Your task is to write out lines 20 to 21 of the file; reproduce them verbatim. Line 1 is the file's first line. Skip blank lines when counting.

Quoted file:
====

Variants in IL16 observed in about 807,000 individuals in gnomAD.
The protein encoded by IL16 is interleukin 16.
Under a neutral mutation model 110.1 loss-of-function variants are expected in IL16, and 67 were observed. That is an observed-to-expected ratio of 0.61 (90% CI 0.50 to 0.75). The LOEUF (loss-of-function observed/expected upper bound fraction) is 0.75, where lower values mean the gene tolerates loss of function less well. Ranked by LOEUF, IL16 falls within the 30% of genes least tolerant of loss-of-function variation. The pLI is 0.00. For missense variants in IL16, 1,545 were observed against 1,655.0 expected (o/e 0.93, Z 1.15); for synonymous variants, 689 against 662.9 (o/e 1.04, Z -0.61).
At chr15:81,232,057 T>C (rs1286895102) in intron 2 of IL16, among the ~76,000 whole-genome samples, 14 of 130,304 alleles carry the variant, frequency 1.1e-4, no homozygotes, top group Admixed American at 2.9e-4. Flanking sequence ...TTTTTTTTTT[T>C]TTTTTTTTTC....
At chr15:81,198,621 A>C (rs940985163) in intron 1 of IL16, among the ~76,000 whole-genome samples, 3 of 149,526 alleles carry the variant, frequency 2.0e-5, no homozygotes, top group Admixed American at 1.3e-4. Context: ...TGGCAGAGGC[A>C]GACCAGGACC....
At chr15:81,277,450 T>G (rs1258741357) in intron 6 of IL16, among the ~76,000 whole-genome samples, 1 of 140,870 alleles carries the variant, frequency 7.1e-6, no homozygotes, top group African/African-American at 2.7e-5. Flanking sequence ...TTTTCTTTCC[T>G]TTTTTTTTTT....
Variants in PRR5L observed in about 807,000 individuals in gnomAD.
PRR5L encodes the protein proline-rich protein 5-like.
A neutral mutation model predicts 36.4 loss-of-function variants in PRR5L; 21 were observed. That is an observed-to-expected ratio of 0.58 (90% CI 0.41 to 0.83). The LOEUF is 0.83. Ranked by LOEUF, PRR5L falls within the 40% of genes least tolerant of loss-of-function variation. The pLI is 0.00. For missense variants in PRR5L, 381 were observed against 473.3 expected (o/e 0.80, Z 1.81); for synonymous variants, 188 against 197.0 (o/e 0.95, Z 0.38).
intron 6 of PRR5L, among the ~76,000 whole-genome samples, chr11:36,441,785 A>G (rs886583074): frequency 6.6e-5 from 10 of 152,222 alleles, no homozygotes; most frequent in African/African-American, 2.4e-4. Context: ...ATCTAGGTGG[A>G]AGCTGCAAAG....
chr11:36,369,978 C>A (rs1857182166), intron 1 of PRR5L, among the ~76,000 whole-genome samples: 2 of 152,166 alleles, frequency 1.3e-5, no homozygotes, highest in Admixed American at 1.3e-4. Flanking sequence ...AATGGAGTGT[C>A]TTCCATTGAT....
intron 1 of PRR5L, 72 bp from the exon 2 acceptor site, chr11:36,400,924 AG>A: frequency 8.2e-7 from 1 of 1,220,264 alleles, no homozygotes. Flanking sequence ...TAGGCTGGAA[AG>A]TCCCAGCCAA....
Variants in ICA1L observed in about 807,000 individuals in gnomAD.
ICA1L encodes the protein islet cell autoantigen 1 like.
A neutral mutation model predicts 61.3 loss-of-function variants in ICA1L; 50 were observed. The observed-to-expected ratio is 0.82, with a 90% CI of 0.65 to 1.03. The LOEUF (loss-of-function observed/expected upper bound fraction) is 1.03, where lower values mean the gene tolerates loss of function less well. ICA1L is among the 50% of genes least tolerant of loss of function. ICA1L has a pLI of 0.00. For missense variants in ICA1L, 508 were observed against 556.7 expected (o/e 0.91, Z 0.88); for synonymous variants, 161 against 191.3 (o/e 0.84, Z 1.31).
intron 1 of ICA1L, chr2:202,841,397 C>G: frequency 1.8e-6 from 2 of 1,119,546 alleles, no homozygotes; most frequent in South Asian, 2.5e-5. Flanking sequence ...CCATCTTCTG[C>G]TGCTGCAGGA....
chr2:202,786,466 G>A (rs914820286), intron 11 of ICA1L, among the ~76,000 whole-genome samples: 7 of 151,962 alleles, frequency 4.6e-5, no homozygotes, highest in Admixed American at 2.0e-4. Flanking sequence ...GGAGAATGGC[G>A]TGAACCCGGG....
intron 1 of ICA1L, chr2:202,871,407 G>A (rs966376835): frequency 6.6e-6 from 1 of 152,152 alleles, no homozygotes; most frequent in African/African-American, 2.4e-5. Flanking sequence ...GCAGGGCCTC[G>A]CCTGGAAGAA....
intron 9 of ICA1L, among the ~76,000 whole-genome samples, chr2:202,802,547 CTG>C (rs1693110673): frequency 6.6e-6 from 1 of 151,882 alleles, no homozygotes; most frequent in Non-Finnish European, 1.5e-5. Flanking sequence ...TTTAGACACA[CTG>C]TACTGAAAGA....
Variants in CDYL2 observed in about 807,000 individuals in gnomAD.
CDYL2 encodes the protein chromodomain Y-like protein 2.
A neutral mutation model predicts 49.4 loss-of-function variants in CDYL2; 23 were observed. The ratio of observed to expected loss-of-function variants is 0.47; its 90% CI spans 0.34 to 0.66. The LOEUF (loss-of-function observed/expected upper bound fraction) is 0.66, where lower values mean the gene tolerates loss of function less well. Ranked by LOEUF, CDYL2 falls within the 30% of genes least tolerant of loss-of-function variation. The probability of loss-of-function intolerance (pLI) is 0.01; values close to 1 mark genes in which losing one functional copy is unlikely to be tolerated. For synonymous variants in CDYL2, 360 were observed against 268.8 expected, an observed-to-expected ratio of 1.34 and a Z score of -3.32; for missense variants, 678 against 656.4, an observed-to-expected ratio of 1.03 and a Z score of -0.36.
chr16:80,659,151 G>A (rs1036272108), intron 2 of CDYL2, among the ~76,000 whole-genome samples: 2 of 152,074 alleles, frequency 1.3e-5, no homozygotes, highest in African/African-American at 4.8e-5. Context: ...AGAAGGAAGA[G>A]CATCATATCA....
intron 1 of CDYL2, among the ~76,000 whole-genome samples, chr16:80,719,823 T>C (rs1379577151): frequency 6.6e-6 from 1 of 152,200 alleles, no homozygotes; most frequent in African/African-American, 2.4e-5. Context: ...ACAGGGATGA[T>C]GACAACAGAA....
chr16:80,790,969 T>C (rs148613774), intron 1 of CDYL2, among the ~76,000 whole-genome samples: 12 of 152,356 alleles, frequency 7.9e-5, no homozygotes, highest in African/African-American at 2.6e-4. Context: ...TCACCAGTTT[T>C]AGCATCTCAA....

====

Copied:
Variants in CDYL2 observed in about 807,000 individuals in gnomAD.
CDYL2 encodes the protein chromodomain Y-like protein 2.